Stealing Harvard

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Stealing Harvard
Stealing harvard.jpg
Theatrical release poster
Directed by Bruce McCulloch
Produced by Susan Cavan
Written by
Narrated by Jason Lee
Music by Christophe Beck
Cinematography Ueli Steiger
Edited by Malcolm Campbell
Distributed by Columbia Pictures
Release dates
  • September 13, 2002 (2002-09-13)
Running time
85 minutes
Country United States
Language English
Budget $25 million[1]
Box office $14.3 million

Stealing Harvard (working title, Uncle) is a 2002 American crime comedy film directed by Bruce McCulloch and written by Martin Hynes and Peter Tolan, about a man who resorts to crime to pay for his niece's Harvard tuition. The film stars Jason Lee and Tom Green with Leslie Mann, Dennis Farina, Richard Jenkins, John C. McGinley, Tammy Blanchard, and Megan Mullally.


John Plummer (Jason Lee) is engaged to Elaine Warner (Leslie Mann), and intends to use his life savings of $30,000 to put a down payment on a house. He works for Elaine's father, Mr. Warner (Dennis Farina), who already considers John unworthy of his daughter. Simultaneously, John's niece Noreen (Tammy Blanchard), daughter of John's sister, Patty (Megan Mullally), is accepted to Harvard University, but needs an additional $30,000 on top of her grants and scholarships. Noreen shows John an old videotape where he promised to pay for Noreen's college. John now has a moral and financial dilemma – disappoint his fiancée or disappoint his niece and take away her only chance to escape from poverty.

John confides in his friend Walter "Duff" Duffy (Tom Green). Duff, a landscaper, convinces John to steal from one of his rich landscaping clients, who keeps large amounts of cash in an unlocked safe. The pair set off to steal the cash, but Duff runs away when lights come on in the home, leaving John to get caught by Emmett Cook (Richard Jenkins). Cook forces John to cross-dress and role-play the part of Cook's late wife as the two men lie in bed and "spoon". Eventually, after taking an incriminating photograph of John, Cook releases him. As he is leaving, Mr. Warner rides by and takes note of John's panicked behavior, believing that he has caught John in an affair.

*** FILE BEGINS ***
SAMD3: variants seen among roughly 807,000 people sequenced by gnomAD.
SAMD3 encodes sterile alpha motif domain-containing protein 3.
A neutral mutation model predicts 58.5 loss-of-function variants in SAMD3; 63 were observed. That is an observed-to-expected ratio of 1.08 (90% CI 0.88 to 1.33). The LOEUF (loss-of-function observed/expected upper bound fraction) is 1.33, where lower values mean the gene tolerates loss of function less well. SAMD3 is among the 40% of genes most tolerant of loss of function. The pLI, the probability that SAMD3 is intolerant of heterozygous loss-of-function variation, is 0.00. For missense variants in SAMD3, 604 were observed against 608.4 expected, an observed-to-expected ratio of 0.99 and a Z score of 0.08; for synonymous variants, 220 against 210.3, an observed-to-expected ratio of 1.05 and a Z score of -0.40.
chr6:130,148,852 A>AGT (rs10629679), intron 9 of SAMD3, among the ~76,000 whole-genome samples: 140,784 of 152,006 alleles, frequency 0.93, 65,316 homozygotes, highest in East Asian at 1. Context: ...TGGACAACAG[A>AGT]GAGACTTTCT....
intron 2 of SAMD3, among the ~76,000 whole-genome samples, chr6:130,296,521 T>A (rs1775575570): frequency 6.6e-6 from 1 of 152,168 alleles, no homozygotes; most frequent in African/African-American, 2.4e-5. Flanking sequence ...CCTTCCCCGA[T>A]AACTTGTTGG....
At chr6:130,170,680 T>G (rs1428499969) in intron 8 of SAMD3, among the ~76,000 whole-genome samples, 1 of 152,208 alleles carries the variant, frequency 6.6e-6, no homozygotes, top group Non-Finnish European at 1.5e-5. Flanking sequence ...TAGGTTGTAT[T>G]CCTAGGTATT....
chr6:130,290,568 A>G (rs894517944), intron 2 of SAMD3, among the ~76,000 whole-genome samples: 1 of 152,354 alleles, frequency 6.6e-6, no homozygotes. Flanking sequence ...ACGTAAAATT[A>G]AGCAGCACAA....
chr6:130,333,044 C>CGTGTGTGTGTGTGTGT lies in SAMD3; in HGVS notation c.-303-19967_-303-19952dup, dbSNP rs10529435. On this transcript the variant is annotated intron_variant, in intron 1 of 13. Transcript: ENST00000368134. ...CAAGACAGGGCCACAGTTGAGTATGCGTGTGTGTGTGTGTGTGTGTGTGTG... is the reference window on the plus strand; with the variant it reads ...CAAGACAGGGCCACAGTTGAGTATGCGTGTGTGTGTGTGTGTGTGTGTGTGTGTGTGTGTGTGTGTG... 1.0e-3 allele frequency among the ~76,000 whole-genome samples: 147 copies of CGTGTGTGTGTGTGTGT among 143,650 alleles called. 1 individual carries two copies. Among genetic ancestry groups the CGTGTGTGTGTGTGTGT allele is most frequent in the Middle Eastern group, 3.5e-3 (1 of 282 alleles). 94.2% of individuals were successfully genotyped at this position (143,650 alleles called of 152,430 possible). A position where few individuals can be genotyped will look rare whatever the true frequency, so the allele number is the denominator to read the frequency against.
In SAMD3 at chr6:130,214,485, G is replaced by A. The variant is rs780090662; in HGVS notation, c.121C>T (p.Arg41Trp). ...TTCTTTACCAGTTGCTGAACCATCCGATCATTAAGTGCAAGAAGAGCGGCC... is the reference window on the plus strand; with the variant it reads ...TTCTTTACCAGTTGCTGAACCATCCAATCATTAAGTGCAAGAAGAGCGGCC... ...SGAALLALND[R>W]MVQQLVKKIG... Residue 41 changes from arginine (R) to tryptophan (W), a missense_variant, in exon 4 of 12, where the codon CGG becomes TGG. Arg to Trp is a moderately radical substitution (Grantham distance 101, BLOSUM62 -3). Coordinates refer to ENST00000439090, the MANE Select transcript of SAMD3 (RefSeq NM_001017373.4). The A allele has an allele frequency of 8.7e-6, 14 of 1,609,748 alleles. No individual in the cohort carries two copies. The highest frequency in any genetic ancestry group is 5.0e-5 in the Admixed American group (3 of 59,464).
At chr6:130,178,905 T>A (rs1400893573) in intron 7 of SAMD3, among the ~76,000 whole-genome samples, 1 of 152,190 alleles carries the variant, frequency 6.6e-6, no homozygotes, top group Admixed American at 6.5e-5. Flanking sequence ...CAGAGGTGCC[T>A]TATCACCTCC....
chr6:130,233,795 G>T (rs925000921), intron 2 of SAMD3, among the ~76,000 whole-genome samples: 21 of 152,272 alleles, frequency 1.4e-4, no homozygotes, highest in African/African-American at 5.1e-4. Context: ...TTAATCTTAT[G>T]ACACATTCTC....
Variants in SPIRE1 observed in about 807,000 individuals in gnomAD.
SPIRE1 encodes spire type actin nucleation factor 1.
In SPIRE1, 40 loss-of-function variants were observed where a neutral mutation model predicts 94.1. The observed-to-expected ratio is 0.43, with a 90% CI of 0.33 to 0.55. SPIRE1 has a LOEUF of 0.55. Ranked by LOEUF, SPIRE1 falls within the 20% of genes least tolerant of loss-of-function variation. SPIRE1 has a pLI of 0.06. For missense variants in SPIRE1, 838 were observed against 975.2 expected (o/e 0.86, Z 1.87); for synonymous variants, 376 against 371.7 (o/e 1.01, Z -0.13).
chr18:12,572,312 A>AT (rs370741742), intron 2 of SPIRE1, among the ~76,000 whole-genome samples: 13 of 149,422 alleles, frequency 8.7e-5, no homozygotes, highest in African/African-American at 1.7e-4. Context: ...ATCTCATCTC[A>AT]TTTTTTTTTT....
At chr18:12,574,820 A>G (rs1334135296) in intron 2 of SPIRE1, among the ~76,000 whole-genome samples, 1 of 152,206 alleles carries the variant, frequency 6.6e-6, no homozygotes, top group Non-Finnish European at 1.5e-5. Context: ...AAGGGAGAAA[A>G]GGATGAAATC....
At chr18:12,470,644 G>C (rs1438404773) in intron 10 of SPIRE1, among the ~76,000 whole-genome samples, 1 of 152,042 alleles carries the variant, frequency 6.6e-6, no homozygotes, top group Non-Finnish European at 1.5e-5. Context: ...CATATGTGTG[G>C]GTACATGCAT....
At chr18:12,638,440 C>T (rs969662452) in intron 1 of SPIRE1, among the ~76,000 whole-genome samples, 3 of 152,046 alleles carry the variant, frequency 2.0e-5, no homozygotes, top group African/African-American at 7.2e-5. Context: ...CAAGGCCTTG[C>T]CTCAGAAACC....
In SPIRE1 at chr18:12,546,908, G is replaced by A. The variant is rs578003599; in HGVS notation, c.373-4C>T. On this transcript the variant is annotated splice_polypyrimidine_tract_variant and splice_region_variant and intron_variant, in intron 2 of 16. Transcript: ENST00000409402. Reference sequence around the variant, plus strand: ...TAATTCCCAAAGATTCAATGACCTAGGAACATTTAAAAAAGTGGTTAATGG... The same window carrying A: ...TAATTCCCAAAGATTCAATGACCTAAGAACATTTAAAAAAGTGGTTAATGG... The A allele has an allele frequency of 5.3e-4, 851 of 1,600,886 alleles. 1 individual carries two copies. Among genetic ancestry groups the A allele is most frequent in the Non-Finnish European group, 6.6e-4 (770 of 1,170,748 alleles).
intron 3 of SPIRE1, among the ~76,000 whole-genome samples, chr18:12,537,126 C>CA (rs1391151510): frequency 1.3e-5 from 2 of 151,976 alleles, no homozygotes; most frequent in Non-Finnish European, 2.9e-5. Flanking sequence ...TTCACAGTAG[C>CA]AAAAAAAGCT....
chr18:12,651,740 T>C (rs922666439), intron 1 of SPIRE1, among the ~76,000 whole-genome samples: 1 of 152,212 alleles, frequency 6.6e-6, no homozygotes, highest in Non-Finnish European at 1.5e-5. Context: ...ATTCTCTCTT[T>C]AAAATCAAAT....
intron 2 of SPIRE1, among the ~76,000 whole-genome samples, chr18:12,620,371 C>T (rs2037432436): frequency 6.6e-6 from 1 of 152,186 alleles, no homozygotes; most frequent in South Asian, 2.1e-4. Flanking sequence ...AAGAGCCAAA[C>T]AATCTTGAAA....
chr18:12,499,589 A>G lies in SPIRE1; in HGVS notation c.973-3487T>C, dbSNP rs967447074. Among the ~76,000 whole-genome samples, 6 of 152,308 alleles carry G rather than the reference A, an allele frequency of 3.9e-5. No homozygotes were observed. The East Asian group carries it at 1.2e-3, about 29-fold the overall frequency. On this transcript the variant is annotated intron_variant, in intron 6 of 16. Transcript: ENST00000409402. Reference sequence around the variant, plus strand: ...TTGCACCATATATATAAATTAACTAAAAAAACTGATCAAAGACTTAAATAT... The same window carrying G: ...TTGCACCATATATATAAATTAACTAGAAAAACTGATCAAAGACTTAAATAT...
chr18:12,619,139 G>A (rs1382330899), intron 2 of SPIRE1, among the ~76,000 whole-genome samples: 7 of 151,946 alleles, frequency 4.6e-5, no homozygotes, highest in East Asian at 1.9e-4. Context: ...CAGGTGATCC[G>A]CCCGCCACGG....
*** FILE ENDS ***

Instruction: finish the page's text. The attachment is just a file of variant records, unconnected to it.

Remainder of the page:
Further capers ensue as John and Duff try to rob a liquor store and later attempt to con a drug lord out of $30,000 by concocting a phony story about running an ecstasy ring. A police detective (John C. McGinley) is on to John and Duff, but never has enough evidence to actually pin any of the crimes on them. Meanwhile, Mr. Warner breaks into Cook's residence in order to get evidence against John, and once Cook catches him, he is forced to "spoon" as well. Before leaving, Warner finds the photo of John from the album, which he then gives to Elaine.

John is forced to confess everything to Elaine. Not only is she not upset with John, but she now respects and admires him far more for the lengths he was willing to go to in order to provide for her, spare her feelings and send his niece to Harvard. Elaine then confides in John that her wealthy father keeps a great deal of money at his business, and that it would be easy for them to steal it. John, Elaine, and Duff set out to rob the business in the night. Unfortunately, Mr. Warner had hid his dog Rex inside the vault. Rex latches on to Duff and does not let go. Just as John and Elaine find the money, Mr. Warner tries to attack them but he is caught by the detective who mistakes him for a burglar. John and Elaine escape to Duff's van. The police arrive and the gang unsuccessfully tries to get away. They are all taken into custody by the detective and facing a series of charges including breaking and entering and animal cruelty. John feels like his goose is cooked, until the judge in charge of his arraignment turns out to be the gun-toting Emmett Cook.

Upon their mutual recognition, John writes, in his lawyer's notebook, a message to Cook and flashes it across the court, threatening to expose the judge's fetish; upon reading the makeshift sign, Cook quickly dismisses all charges against John. Finally, Duff comes through as best he can and gives John his life savings, $1,000, which John bets on a long-shot horse which wins and which paid 30 to 1. John and Elaine are married, Noreen goes off to college, and, in the final scene, John is left to ponder how loser Duff could possibly accumulate $1,000 – the last scene shows Duff offering to "spoon" with Cook for $1,000.



Stealing Harvard received negative reviews from critics. It currently holds a 9% rating on Rotten Tomatoes based on 103 reviews with the consensus: "There are some laughs in Stealing Harvard, but they are few and far between, and Tom Green's antics grow old fast."

Box office[edit]

Released September 13, 2002 the film grossed US$14,036,406 at the U.S. box office.[2]


For his performance in the film, Green was nominated for Worst Supporting Actor in the 2002 Golden Raspberry Awards.


External links[edit]